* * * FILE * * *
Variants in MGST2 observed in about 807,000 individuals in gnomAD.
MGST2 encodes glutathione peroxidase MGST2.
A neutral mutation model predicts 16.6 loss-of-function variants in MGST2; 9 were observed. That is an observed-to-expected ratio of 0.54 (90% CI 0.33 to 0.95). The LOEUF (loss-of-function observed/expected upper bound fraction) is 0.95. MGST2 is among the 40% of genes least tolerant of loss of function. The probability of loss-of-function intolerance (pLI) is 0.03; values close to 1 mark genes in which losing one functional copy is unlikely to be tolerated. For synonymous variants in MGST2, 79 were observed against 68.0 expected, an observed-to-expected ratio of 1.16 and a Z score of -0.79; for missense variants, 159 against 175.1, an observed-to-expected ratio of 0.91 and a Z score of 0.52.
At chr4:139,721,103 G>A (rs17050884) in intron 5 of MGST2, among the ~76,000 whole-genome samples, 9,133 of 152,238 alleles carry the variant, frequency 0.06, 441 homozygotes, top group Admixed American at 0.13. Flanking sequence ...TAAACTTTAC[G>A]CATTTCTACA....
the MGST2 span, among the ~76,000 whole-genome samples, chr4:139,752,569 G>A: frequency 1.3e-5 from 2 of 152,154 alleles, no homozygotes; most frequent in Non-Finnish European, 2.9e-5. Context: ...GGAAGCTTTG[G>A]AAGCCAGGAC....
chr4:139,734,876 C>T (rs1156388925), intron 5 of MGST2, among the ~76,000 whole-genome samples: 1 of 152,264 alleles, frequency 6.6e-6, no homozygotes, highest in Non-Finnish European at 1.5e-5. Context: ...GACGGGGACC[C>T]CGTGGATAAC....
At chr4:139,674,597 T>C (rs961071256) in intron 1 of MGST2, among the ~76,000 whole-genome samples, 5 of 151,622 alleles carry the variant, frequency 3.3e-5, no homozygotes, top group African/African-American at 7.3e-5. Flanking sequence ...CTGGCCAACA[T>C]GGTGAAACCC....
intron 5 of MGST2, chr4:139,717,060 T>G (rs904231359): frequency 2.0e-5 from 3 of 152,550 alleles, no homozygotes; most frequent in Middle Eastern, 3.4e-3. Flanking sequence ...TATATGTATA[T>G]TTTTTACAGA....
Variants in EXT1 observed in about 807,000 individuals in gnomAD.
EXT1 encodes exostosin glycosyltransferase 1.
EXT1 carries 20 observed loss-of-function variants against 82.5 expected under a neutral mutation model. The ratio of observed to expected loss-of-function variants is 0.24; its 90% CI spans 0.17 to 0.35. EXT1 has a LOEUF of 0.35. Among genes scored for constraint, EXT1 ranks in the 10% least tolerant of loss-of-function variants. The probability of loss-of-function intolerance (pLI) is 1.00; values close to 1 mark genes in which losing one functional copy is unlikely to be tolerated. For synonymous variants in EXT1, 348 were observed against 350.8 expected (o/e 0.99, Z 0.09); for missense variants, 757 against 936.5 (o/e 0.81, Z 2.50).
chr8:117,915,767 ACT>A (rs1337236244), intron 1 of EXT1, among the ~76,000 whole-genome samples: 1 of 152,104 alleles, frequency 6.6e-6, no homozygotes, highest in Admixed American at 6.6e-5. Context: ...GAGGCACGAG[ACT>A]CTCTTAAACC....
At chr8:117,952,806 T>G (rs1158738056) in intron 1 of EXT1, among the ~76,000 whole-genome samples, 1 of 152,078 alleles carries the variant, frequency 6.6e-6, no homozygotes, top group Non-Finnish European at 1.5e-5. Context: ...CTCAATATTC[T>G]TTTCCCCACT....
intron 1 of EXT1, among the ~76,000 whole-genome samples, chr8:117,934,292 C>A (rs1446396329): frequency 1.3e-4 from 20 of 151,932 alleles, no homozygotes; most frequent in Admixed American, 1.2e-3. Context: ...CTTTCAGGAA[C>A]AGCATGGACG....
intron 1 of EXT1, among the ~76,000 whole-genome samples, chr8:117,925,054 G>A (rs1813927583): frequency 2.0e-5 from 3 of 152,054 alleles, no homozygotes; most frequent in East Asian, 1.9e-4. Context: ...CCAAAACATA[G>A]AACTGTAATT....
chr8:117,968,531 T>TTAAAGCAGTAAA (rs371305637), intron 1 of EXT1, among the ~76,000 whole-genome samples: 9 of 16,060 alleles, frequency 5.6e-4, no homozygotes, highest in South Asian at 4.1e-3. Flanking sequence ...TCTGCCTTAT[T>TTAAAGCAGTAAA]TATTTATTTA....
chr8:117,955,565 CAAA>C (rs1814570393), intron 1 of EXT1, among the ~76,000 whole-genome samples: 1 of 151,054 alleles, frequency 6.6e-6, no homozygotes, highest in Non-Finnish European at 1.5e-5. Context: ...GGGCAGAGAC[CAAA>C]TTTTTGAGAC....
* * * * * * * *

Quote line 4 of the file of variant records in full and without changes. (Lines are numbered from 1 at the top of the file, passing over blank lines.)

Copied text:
At chr4:139,721,103 G>A (rs17050884) in intron 5 of MGST2, among the ~76,000 whole-genome samples, 9,133 of 152,238 alleles carry the variant, frequency 0.06, 441 homozygotes, top group Admixed American at 0.13. Flanking sequence ...TAAACTTTAC[G>A]CATTTCTACA....